Relevant Federal Laws Regarding Possession of Marijuana.

Under federal law, possession of marijuana remains illegal. Under Title 21, Chapter 841, federal statute simply states the following:
(a) Unlawful acts
Except as authorized by this subchapter, it will be illegal for any person willfully or intentionally:
(1) manufacture, distribute or dispense, or possess with the intent to manufacture, distribute or dispense, a controlled substance;
(21 USC§841) (West, 2019). Marijuana, or “cannabis,” is considered a “controlled substance” under Annex I of the Act. 21 CFR 1308.11 (d) (23).
Under the Immigration and Nationality Act (“INA”), possession of marijuana is a disqualifying offense for those seeking permanent residence and for those seeking citizenship. For those seeking permanent residency, not just a conviction, but also any “admission” to the use of marijuana could result in a denial. Similarly, for those seeking citizenship, not just a conviction, but also any “admission” could result in being denied citizenship for not having “good moral character” under the INA.
Legalization of possession of marijuana, New Illinois Law PA 101-27 (ef. 6-25-19). Illinois prosecutors do not make a distinction between those who are citizens and non-citizens and therefore it is unlikely that anyone, whether a citizen or not, will receive a “conviction” for possession of marijuana in Illinois as long as they are under the age of 30. grams for Illinois residents, and less than 15 grams for non-Illinois residents. It is also worth noting that not all use of marijuana is legal: (a) it must not be smoked in public, (b) if it is transported in a vehicle, it must be inaccessible during transport, that is, in the trunk and in a sealed container, and (c) one cannot be under the influence while driving.
The problem for non-citizens is that, for any arrest, USCIS often requests a copy of the police report, even if there was no conviction. The USCIS may require an explanation of what happened during the arrest, usually looking for clues as to whether there was violence, drugs, or weapons. If USCIS sees in the police report that marijuana was involved and, in the interview, the non-citizen admits to the USCIS officer using marijuana, even though he was never charged and convicted of it, it would be a basis for denying relief and, It depends on the circumstances, they put the non-citizen in deportation proceedings. Therefore, it is advisable to retain an attorney for any application for permanent residence or naturalization when there is a marijuana arrest, despite the recent change in Illinois law.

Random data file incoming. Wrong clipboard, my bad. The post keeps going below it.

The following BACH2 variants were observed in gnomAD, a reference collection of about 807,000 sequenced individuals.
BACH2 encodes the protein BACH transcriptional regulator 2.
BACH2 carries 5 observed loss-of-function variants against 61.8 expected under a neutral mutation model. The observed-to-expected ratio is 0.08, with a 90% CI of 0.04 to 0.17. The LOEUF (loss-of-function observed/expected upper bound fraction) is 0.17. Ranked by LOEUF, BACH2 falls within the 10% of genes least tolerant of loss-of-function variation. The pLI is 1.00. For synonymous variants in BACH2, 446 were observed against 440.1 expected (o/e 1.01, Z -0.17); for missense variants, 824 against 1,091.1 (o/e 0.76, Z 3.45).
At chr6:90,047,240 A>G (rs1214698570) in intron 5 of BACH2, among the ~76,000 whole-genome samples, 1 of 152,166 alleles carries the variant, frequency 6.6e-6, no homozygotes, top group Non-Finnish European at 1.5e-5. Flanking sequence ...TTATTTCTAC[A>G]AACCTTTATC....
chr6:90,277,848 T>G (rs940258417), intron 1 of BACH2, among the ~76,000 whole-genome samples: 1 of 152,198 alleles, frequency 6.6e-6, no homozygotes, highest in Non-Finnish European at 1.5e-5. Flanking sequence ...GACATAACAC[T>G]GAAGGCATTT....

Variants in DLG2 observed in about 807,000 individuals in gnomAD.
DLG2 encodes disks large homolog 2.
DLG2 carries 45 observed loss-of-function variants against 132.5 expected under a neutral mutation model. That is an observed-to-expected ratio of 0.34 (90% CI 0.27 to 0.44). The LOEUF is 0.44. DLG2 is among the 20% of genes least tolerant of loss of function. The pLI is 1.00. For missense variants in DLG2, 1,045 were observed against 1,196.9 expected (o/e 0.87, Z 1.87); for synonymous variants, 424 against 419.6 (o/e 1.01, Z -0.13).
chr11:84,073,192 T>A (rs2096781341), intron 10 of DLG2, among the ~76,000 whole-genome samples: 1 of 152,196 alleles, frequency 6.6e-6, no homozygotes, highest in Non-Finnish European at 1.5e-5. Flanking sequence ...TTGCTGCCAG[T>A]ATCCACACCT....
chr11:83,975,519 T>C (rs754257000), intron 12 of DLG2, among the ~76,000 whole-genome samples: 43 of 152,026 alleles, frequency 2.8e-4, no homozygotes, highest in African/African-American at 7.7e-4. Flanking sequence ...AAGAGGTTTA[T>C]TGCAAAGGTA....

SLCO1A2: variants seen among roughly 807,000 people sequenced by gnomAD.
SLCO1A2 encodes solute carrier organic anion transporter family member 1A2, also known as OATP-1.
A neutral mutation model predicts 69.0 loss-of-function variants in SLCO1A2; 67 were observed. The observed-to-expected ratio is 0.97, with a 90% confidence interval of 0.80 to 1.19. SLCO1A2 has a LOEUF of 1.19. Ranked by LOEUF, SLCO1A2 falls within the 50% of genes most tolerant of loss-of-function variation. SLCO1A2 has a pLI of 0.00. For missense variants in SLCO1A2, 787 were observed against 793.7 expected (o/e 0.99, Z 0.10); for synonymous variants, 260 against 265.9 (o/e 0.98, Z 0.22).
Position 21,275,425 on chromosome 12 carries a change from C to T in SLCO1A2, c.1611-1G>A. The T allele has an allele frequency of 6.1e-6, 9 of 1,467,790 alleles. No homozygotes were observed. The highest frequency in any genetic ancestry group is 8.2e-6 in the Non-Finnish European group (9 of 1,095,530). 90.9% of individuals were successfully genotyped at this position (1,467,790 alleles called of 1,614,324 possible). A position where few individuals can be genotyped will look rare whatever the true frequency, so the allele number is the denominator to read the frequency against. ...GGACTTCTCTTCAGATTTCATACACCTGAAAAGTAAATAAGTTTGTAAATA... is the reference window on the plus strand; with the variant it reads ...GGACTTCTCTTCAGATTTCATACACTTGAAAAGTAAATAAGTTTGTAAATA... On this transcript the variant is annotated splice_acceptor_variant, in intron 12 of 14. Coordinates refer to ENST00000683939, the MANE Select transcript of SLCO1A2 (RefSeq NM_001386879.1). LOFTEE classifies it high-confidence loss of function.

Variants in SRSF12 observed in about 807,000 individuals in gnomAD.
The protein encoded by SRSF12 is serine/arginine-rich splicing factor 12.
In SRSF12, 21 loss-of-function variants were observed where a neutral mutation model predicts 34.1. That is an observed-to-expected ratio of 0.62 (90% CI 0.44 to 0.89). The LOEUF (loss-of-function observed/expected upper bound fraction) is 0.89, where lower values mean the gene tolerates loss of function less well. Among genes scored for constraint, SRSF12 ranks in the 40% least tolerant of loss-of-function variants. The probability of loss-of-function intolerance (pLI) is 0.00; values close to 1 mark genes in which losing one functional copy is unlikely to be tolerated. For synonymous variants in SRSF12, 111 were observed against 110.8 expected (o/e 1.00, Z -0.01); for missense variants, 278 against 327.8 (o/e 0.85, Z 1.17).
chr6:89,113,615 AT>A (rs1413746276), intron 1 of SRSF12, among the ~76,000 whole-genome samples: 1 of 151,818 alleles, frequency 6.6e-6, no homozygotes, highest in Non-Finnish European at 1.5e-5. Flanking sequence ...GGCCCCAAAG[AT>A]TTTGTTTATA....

Time to begin Post Conviction Procedures, PA 101-27.
Under the new Illinois law, those with marijuana possession convictions for possession under Section 4 or Section 5 of the Cannabis Control Act, can attempt to vacate their convictions, apparently regardless of the date of conviction. The law states very simply:
Anyone can file a motion to vacate and expunge a conviction for a misdemeanor or class 4 felony violation of Section 4 or Section 5 of the Cannabis Control Act.
20 ILCS 2630 / 5.2 (i) (3). PA 101-27. This provision not only allows for the voiding of convictions for possession, but also convictions for surrender under Section 5 of the Cannabis Control Act. It is important for non-citizens to understand that expungement is insufficient under federal immigration law – a full conviction expungement meeting the Board of Immigration Appeals requirements is required to fully expunge any convictions, including convictions for controlled substances for marijuana possession and / or surrender. Despite the difficulty of meeting these requirements, the most difficult requirement we have encountered is that the person has allowed more than three (3) years to pass from the date of conviction, which subjects the petition to immediate dismissal in criminal court. Now, however, the new Illinois legalization law has started again for criminal judges to review and overturn these convictions. If you are a non-citizen who has a conviction for possession or delivery of marijuana in your past, now is the time to consult with an attorney if you may qualify to have the conviction dismissed and proceed to apply for permanent residence or citizenship with USCIS. Depending on your circumstances, you may have little time to do this, but in most cases it would be around 2 years, until the end of 2021. If you are a non-citizen who has a conviction for possession or delivery of marijuana in your past, now is the time to consult with an attorney if you may qualify to have the conviction dismissed and proceed to apply for permanent residence or citizenship with USCIS. Depending on your circumstances, you may have little time to do this, but in most cases it would be around 2 years, until the end of 2021. If you are a non-citizen who has a conviction for possession or delivery of marijuana in your past, now is the time to consult with an attorney if you may qualify to have the conviction dismissed and proceed to apply for permanent residence or citizenship with USCIS. Depending on your circumstances, you may have little time to do this, but in most cases it would be around 2 years, until the end of 2021.

The Ineptitude and Disorganization of the Trump Administration Leads to a Win for DACA Recipients.